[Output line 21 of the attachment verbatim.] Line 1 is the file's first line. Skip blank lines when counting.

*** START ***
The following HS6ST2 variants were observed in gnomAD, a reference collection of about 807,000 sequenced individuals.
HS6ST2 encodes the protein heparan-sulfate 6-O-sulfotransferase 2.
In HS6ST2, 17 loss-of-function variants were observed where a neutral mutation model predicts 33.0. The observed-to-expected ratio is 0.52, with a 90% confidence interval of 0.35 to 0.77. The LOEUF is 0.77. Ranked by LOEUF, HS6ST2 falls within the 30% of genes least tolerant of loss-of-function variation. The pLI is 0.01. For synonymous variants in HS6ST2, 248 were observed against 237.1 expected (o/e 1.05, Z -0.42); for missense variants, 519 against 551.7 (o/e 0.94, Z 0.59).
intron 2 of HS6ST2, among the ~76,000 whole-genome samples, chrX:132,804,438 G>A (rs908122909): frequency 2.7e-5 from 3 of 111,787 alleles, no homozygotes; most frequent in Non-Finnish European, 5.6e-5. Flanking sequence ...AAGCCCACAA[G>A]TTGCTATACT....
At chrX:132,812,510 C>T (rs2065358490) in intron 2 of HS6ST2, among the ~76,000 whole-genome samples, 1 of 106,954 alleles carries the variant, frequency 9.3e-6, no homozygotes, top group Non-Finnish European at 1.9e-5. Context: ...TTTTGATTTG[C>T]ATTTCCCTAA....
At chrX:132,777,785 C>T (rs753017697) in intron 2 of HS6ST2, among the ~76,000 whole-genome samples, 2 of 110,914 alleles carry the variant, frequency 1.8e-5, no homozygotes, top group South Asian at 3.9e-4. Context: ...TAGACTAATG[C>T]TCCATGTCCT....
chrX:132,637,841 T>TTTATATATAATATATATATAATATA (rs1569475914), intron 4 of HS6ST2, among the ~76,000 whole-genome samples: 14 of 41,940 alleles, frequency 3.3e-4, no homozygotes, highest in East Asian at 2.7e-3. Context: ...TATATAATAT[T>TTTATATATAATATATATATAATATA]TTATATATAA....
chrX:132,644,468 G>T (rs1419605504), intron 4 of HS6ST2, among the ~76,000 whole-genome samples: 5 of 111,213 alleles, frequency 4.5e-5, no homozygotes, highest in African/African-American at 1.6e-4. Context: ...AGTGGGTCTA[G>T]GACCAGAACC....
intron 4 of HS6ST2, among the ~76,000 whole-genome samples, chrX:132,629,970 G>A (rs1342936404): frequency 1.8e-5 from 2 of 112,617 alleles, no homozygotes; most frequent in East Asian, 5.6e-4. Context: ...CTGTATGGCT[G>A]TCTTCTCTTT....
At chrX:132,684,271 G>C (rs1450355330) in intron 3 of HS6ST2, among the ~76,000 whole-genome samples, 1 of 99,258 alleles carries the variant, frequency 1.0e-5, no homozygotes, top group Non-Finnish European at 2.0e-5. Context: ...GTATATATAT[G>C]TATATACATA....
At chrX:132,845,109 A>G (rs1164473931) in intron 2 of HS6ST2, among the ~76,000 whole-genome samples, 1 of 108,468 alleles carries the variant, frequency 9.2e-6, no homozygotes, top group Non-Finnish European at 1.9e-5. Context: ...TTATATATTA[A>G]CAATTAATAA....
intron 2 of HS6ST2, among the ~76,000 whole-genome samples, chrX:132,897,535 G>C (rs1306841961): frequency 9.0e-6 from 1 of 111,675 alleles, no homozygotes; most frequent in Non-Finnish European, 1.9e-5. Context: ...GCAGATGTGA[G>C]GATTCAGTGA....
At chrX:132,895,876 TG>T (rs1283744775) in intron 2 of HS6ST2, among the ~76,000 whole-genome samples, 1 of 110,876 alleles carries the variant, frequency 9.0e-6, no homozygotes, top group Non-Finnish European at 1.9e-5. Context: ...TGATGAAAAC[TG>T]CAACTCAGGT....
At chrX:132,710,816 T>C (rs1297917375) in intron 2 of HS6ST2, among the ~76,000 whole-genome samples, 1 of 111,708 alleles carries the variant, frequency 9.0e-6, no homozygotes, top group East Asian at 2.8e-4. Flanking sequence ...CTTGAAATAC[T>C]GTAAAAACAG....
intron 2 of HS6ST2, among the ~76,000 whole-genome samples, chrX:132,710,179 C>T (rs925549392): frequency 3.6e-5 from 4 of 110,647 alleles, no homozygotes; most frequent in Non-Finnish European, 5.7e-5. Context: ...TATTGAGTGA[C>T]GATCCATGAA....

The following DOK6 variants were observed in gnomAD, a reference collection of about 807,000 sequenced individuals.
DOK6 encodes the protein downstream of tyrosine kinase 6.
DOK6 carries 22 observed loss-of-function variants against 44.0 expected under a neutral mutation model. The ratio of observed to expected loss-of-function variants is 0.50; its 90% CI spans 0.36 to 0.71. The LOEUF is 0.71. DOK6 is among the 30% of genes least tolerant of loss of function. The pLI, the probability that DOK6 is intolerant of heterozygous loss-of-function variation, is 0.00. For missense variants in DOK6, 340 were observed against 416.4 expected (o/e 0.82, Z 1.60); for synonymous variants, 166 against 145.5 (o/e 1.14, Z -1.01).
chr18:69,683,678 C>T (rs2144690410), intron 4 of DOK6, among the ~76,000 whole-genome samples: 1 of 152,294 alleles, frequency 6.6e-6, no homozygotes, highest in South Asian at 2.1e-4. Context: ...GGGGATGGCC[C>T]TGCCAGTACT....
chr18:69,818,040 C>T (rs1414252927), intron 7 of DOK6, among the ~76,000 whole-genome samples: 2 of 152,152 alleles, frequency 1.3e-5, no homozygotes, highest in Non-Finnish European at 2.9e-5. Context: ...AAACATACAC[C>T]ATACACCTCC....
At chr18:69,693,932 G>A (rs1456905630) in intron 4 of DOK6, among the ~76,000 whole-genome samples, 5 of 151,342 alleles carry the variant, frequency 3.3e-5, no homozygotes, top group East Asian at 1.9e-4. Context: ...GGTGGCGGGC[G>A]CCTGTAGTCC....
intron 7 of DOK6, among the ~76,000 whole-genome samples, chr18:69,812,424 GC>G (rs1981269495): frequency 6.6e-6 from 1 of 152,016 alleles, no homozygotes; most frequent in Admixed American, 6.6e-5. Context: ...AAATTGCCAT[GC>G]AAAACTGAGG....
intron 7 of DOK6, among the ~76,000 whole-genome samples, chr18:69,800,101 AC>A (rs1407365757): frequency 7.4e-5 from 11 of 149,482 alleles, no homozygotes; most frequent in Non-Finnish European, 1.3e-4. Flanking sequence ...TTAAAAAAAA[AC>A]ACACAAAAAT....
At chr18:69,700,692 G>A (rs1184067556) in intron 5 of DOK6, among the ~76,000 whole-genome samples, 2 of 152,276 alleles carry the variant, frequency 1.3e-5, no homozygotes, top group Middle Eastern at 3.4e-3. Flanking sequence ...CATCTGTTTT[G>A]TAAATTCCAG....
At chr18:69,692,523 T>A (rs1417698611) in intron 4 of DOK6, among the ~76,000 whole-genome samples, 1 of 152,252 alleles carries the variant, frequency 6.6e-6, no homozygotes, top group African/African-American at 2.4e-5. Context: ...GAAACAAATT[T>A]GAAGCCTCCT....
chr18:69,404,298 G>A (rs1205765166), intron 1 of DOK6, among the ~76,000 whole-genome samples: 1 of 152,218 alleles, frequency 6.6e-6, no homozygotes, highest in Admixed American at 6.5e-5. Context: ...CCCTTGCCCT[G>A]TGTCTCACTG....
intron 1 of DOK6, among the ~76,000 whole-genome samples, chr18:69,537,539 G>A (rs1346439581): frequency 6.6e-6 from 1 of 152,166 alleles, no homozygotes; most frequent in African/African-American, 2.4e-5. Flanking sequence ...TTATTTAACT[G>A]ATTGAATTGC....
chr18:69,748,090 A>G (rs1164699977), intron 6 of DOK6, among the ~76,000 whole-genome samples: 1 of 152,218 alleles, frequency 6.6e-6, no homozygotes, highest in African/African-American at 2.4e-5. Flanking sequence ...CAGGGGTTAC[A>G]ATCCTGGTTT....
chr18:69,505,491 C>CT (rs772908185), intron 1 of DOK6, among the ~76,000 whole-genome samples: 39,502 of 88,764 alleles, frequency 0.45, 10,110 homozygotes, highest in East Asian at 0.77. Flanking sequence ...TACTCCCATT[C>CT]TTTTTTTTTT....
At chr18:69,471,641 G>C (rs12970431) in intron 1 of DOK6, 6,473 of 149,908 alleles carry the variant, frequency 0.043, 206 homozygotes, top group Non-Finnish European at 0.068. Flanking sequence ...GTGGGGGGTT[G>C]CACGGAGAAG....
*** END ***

At chr18:69,693,932 G>A (rs1456905630) in intron 4 of DOK6, among the ~76,000 whole-genome samples, 5 of 151,342 alleles carry the variant, frequency 3.3e-5, no homozygotes, top group East Asian at 1.9e-4. Context: ...GGTGGCGGGC[G>A]CCTGTAGTCC....